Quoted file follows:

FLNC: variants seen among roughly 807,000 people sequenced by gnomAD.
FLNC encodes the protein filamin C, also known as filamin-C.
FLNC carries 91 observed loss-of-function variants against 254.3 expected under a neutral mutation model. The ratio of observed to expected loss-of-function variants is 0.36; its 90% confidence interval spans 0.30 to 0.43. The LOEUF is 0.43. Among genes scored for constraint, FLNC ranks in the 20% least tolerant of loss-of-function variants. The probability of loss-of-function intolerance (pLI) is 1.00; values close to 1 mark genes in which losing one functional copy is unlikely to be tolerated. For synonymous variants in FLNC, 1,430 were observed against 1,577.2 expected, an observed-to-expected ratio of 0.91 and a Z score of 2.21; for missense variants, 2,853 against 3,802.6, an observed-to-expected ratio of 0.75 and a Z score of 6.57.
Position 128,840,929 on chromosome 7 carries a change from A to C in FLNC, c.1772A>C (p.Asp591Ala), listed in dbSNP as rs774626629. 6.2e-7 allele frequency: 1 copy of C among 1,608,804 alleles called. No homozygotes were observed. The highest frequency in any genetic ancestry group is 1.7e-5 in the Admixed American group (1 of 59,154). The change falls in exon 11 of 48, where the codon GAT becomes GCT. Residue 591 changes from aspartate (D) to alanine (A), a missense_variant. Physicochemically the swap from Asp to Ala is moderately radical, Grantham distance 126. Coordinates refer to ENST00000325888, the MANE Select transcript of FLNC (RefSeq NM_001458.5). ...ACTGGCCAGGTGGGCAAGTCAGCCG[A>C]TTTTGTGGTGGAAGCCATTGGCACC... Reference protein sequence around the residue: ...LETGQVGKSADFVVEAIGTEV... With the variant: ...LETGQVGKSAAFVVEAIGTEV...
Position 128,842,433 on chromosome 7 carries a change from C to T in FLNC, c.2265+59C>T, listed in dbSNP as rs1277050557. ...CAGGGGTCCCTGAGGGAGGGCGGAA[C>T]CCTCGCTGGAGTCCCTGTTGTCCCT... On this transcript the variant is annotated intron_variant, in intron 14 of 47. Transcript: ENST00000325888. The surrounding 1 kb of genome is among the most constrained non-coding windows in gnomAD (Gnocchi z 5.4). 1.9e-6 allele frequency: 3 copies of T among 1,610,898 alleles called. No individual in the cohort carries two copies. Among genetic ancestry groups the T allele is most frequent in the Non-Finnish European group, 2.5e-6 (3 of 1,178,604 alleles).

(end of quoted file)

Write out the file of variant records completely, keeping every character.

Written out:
FLNC: variants seen among roughly 807,000 people sequenced by gnomAD.
FLNC encodes the protein filamin C, also known as filamin-C.
FLNC carries 91 observed loss-of-function variants against 254.3 expected under a neutral mutation model. The ratio of observed to expected loss-of-function variants is 0.36; its 90% confidence interval spans 0.30 to 0.43. The LOEUF is 0.43. Among genes scored for constraint, FLNC ranks in the 20% least tolerant of loss-of-function variants. The probability of loss-of-function intolerance (pLI) is 1.00; values close to 1 mark genes in which losing one functional copy is unlikely to be tolerated. For synonymous variants in FLNC, 1,430 were observed against 1,577.2 expected, an observed-to-expected ratio of 0.91 and a Z score of 2.21; for missense variants, 2,853 against 3,802.6, an observed-to-expected ratio of 0.75 and a Z score of 6.57.
Position 128,840,929 on chromosome 7 carries a change from A to C in FLNC, c.1772A>C (p.Asp591Ala), listed in dbSNP as rs774626629. 6.2e-7 allele frequency: 1 copy of C among 1,608,804 alleles called. No homozygotes were observed. The highest frequency in any genetic ancestry group is 1.7e-5 in the Admixed American group (1 of 59,154). The change falls in exon 11 of 48, where the codon GAT becomes GCT. Residue 591 changes from aspartate (D) to alanine (A), a missense_variant. Physicochemically the swap from Asp to Ala is moderately radical, Grantham distance 126. Coordinates refer to ENST00000325888, the MANE Select transcript of FLNC (RefSeq NM_001458.5). ...ACTGGCCAGGTGGGCAAGTCAGCCG[A>C]TTTTGTGGTGGAAGCCATTGGCACC... Reference protein sequence around the residue: ...LETGQVGKSADFVVEAIGTEV... With the variant: ...LETGQVGKSAAFVVEAIGTEV...
Position 128,842,433 on chromosome 7 carries a change from C to T in FLNC, c.2265+59C>T, listed in dbSNP as rs1277050557. ...CAGGGGTCCCTGAGGGAGGGCGGAA[C>T]CCTCGCTGGAGTCCCTGTTGTCCCT... On this transcript the variant is annotated intron_variant, in intron 14 of 47. Transcript: ENST00000325888. The surrounding 1 kb of genome is among the most constrained non-coding windows in gnomAD (Gnocchi z 5.4). 1.9e-6 allele frequency: 3 copies of T among 1,610,898 alleles called. No individual in the cohort carries two copies. Among genetic ancestry groups the T allele is most frequent in the Non-Finnish European group, 2.5e-6 (3 of 1,178,604 alleles).